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Thompson v. Illinois Department of Corrections

United States District Court, S.D. Illinois

September 23, 2016



          NANCY J. ROSENSTENGEL United States District Judge.

         Now pending before the Court is the Motion for Preliminary Injunction filed by Plaintiff on February 29, 2016 (Doc. 26), the Supplement filed by Plaintiff on March 7, 2016 (Doc. 29), the Supplement filed by Plaintiff on July 18, 2016 (Doc. 53), the Responses filed by Defendants on August 11, 2016 (Docs. 71 and 72), and the Reply filed by Plaintiff on August 22, 2016 (Doc. 77).


         Plaintiff Dennis Thompson, an inmate currently incarcerated at the Menard Correctional Center, is proceeding on a Second Amended Complaint which alleges claims pursuant to 42 U.S.C. § 1983 related to his serious health need, morbid obesity, and related conditions. Specifically, the Second Amended Complaint alleges six counts related to his medical care, prison accommodations, and retaliation for filing lawsuits (Doc. 16). In his request for injunctive relief, Plaintiff seeks a referral to a specialist for a surgery consultation regarding his spine and hip and a transfer to the South Cell House. In supplements, Plaintiff further requests various medical and living accommodations.

         Plaintiff claims that he was diagnosed with morbid obesity in May 2010 but that the health concerns that are the subject of this action began when he was moved to the North Cell House at Menard on November 19, 2013. Plaintiff claims that the cell he was moved to is smaller than his former cell in the South Cell House, thus preventing him from performing necessary exercises to combat the deleterious effects on his health caused by his excessive weight (Doc. 26, pp. 5-7). These effects include degenerative disc disease in his spine and osteoarthritis in his right hip which in turn have led to mobility problems (Id. 7).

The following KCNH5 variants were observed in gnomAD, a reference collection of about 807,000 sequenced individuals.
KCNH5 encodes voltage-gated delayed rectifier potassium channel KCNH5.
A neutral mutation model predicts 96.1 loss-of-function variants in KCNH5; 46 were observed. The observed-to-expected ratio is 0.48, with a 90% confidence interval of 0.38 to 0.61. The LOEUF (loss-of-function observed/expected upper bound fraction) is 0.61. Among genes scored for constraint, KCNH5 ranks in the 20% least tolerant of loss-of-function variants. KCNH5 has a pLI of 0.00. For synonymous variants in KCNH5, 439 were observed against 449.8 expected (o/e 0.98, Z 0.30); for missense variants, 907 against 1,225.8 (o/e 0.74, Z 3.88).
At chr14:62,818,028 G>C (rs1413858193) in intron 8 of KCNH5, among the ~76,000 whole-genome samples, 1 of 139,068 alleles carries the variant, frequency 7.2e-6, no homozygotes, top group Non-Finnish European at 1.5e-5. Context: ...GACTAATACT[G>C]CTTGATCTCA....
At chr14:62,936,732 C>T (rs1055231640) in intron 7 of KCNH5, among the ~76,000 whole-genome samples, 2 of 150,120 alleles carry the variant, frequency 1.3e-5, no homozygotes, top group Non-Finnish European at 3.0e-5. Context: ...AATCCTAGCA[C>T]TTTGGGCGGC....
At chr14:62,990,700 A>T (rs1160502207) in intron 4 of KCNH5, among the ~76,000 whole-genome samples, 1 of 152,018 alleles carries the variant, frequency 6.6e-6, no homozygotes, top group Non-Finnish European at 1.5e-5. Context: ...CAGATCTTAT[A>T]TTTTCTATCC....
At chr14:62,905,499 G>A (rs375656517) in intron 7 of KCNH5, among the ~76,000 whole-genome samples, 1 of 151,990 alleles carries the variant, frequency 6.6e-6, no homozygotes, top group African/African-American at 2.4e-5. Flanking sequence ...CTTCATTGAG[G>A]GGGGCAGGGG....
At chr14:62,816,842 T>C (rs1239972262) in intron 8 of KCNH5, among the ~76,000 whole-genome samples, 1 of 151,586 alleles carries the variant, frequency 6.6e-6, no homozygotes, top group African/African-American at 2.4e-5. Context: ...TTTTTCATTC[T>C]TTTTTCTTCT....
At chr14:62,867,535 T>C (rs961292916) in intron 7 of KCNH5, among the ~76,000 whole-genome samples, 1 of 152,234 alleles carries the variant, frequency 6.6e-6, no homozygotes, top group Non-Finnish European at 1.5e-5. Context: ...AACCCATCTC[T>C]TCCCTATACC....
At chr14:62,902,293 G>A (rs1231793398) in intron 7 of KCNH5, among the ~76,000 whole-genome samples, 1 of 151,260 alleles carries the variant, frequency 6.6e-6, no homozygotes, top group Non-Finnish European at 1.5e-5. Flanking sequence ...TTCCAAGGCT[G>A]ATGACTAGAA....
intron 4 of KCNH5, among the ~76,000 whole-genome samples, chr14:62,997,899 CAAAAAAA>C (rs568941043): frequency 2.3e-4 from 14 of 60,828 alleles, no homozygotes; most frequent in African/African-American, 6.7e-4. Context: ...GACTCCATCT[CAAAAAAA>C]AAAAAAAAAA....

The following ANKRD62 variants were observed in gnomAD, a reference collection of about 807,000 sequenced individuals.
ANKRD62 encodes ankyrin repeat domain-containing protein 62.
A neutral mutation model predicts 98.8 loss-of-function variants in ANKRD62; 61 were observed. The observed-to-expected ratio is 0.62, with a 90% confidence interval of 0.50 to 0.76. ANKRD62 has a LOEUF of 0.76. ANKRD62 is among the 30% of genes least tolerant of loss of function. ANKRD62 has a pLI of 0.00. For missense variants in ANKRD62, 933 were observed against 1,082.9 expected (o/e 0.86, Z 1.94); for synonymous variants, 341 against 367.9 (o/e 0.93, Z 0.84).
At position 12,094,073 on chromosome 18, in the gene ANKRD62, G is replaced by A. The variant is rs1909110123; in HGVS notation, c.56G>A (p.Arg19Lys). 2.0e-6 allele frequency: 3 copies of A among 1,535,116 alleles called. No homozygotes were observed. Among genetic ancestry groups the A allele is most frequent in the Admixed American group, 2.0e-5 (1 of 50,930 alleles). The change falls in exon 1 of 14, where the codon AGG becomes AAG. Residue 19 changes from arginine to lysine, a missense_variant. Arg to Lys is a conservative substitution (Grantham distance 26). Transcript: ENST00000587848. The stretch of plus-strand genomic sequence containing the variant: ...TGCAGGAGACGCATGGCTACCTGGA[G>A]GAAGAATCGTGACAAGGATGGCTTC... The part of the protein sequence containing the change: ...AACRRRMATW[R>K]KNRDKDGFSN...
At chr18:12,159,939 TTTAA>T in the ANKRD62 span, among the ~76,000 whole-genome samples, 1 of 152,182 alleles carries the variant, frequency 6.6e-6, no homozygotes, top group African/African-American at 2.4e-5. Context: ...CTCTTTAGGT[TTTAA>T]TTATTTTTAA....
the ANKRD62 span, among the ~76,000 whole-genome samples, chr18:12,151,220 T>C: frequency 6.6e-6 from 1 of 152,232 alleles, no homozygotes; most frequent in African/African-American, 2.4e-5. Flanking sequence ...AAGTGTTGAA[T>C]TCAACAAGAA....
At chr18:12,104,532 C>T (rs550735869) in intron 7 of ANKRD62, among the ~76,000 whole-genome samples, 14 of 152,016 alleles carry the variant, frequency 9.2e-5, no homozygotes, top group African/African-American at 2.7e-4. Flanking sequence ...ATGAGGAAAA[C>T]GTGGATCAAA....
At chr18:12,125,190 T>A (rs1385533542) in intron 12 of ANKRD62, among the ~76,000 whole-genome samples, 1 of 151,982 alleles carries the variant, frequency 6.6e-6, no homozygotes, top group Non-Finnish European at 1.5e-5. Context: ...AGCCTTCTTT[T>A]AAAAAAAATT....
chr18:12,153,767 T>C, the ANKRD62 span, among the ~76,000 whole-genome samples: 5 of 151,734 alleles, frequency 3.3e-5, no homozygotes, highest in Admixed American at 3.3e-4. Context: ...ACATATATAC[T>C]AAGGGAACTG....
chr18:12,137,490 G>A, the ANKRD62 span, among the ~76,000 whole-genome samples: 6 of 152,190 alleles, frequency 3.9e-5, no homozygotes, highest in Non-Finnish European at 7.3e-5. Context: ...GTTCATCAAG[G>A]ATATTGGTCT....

In a supplement, Plaintiff states that on February 3, 2016, he was scheduled for a surgery consultation with a specialist with respect to his hip; the date of the consultation was set for April 8, 2016 (Doc. 29, Doc. 53, p. 2)). During the consultation, it was recommended that Plaintiff have a total hip replacement in the future after he “gets as much mileage” out of his current hip as he can. The specialist also recommended that Plaintiff not walk up and down steps and wrote a prescription for pain management medication (Doc. 53, pp. 2-3). Plaintiff did not see a prison doctor until two weeks after the consultation, where he was informed that the new medication the specialist prescribed was not in stock and could not be provided until Dr. Trost approved (Id., p. 3). Plaintiff alleges that Dr. Trost has never given him the stronger pain medication prescribed by the specialist and has never approved the specialist's mobility restrictions, thus exacerbating his medical condition (Id.). Plaintiff believes that if he is not given immediate relief, he may be forced to use a wheelchair. Accordingly, he seeks an Order that would move him to a larger cell where he can exercise, which, in turn, will reduce the progression of his joint diseases, help him maintain and/or lose weight, and otherwise result in a better health outcome and continued independent mobility.